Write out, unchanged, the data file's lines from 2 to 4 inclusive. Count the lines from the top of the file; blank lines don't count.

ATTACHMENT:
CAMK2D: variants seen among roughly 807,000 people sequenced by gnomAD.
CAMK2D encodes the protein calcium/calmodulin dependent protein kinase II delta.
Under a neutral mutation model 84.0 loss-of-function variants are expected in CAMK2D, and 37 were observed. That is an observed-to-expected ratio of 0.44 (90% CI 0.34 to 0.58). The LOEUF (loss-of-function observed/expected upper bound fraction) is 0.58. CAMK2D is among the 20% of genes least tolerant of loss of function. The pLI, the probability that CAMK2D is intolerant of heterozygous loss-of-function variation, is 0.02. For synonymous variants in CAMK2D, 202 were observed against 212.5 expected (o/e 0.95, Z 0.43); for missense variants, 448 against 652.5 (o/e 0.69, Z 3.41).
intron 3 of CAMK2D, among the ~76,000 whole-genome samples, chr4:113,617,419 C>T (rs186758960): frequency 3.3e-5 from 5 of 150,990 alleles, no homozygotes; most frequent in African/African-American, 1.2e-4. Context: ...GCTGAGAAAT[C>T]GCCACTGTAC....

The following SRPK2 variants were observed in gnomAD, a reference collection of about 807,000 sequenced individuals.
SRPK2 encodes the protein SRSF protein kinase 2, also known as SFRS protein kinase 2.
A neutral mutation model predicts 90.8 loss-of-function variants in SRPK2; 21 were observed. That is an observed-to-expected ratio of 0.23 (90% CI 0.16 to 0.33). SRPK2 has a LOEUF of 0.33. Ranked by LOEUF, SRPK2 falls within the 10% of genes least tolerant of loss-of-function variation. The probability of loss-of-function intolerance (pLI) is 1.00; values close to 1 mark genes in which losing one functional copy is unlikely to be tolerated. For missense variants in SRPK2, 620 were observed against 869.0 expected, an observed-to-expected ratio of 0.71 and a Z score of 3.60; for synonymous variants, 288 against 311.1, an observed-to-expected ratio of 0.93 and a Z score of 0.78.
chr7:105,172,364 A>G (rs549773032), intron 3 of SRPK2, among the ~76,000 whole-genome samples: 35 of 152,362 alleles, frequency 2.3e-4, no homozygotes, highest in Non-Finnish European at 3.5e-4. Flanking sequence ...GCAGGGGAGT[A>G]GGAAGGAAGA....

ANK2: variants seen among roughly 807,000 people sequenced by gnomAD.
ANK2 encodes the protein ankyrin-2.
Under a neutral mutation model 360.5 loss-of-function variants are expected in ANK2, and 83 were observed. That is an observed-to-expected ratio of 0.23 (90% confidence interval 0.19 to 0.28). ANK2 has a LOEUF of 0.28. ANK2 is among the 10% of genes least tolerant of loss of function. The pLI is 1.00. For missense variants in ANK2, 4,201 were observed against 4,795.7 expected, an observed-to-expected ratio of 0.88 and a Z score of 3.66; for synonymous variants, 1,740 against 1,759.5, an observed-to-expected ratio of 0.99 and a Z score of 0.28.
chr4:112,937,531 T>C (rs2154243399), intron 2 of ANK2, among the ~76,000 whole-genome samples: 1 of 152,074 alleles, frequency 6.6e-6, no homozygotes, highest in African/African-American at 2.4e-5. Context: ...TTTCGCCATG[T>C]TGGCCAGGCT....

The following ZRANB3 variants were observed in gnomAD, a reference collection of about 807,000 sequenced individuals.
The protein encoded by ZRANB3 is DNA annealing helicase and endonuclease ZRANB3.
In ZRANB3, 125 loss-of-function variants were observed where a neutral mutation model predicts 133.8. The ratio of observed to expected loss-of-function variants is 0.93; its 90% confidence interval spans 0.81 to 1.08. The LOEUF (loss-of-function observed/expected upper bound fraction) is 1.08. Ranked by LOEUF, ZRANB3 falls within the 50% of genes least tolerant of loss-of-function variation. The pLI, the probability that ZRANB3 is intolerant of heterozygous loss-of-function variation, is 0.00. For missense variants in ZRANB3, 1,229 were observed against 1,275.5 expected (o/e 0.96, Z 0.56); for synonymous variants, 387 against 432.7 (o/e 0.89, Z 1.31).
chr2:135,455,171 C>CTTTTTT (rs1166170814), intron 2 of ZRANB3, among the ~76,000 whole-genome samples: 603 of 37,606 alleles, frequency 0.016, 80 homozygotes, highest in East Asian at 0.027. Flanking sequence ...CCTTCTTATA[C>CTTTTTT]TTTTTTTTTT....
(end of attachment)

CAMK2D encodes the protein calcium/calmodulin dependent protein kinase II delta.
Under a neutral mutation model 84.0 loss-of-function variants are expected in CAMK2D, and 37 were observed. That is an observed-to-expected ratio of 0.44 (90% CI 0.34 to 0.58). The LOEUF (loss-of-function observed/expected upper bound fraction) is 0.58. CAMK2D is among the 20% of genes least tolerant of loss of function. The pLI, the probability that CAMK2D is intolerant of heterozygous loss-of-function variation, is 0.02. For synonymous variants in CAMK2D, 202 were observed against 212.5 expected (o/e 0.95, Z 0.43); for missense variants, 448 against 652.5 (o/e 0.69, Z 3.41).
intron 3 of CAMK2D, among the ~76,000 whole-genome samples, chr4:113,617,419 C>T (rs186758960): frequency 3.3e-5 from 5 of 150,990 alleles, no homozygotes; most frequent in African/African-American, 1.2e-4. Context: ...GCTGAGAAAT[C>T]GCCACTGTAC....